Governance and Local Development Institute

“We aim to promote human welfare by conducting scientifically rigorous research across the globe. Our research focuses on answering a fundamental question: why are some communities able to provide secure environments, good education, adequate healthcare, and other factors that encourage human development, while others fail to do so? We engage with communities across the world, develop methodological tools, gather data, undertake analyses on major issues affecting societies today, and disseminate findings to academics, relevant policy-makers, and the communities in which we work.”

Latest Publications

Do Local Gender Quotas Improve the Electability of Women at Higher Tiers? Evidence from a Survey Experiment in North India

Do local gender quotas have “spillover effects” for women’s electability at higher tiers? Using a conjoint survey experiment in the North Indian state of Bihar, this paper assesses how exposure to village-level female leaders elected [...]

 

Social Media, Incumbent Support, and Election Irregularities: Evidence from Malawi

How does rising access to social media shape elections in low-income democracies? In a controversial, overturned election in Malawi, this paper shows how exposure to online platforms can reduce unfair incumbency advantages and improve election administration [...]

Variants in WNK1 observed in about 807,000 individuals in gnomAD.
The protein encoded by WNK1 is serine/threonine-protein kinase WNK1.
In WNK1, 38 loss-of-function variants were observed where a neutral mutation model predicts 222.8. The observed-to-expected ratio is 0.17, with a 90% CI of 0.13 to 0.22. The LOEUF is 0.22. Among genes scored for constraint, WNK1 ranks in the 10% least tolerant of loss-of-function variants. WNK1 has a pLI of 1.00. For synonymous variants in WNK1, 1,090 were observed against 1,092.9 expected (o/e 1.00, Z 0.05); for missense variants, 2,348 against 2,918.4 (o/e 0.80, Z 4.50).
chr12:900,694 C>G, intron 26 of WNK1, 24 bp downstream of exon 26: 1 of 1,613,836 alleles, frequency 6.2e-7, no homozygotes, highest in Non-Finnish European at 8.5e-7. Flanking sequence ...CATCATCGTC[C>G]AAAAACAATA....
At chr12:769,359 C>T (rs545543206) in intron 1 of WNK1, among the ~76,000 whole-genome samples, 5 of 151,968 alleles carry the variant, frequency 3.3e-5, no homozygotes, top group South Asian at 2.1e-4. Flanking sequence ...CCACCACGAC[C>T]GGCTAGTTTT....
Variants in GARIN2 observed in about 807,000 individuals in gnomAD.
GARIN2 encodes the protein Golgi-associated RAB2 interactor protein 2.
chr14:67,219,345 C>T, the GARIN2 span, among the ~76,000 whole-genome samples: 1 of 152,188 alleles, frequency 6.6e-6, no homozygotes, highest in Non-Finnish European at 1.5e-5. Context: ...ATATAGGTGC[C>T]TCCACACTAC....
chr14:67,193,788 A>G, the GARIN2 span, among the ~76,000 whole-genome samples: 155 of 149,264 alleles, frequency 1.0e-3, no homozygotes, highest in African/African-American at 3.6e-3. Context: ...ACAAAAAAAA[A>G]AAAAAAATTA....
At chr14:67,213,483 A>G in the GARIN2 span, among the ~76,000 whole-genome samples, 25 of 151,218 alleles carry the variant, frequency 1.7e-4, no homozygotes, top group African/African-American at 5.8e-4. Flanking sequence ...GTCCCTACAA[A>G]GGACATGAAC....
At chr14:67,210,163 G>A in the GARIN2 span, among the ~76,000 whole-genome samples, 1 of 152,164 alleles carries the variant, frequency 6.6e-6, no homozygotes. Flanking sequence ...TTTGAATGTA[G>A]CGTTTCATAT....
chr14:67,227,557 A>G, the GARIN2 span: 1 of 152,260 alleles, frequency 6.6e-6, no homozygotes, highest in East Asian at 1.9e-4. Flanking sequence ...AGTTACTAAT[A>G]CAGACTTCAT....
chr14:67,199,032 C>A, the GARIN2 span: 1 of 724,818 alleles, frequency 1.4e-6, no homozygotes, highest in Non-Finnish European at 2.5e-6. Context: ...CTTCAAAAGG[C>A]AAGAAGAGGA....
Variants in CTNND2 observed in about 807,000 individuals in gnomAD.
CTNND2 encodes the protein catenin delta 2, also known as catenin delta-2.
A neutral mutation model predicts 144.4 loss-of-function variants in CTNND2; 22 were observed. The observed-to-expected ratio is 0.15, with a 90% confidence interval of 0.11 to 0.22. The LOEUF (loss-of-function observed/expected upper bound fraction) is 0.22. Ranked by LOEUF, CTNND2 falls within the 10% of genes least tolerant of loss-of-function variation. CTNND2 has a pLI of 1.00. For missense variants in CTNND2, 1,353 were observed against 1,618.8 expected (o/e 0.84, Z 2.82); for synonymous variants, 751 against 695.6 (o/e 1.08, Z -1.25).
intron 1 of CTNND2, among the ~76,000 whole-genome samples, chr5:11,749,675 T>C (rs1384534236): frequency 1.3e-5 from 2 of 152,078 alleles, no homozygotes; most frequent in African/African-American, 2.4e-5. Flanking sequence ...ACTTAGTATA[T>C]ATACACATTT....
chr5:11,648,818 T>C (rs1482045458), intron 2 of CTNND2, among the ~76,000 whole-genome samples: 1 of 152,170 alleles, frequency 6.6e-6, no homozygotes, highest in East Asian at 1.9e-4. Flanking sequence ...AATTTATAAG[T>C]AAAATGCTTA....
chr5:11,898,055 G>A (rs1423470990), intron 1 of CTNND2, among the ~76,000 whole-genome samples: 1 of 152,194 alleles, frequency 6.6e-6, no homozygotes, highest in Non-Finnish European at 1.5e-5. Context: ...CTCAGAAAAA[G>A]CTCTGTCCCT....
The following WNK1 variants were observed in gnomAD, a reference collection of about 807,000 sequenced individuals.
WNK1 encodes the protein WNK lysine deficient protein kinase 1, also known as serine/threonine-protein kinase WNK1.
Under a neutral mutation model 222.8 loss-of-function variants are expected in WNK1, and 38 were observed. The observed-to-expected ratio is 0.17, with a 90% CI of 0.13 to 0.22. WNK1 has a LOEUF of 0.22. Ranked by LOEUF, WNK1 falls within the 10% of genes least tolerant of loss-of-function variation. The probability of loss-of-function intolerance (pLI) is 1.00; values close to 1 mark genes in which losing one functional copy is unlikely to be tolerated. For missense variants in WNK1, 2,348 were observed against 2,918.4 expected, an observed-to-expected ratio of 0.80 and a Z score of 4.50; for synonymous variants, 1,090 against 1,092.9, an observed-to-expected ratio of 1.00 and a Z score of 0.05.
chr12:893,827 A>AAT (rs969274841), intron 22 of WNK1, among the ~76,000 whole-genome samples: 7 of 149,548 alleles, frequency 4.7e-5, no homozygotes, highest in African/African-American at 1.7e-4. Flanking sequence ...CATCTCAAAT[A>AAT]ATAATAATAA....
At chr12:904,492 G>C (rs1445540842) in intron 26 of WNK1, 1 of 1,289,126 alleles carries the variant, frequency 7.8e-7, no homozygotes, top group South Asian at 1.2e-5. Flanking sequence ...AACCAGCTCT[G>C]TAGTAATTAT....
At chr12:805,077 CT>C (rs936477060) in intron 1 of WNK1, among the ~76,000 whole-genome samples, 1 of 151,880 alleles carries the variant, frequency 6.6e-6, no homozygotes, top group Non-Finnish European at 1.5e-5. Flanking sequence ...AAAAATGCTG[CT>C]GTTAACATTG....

Fellow Interview with Barry Maydom

Barry Maydom is a Lecturer in Politics in the School of Social Sciences at Birkbeck College, University of London. His research focuses on the political effects of emigration in migrants’ homelands, and he teaches courses on quantitative research methods and experimental research design. We spoke to Barry about his previous GLD work, his research background, and his current project on how emigration shapes local social contracts in Latin America.

Governance Uncovered

Our monthly podcast invites scholars and professionals worldwide to discuss issues related to governance and local development with host Ellen Lust.

Governance Uncovered is supported by the Swedish Research Council.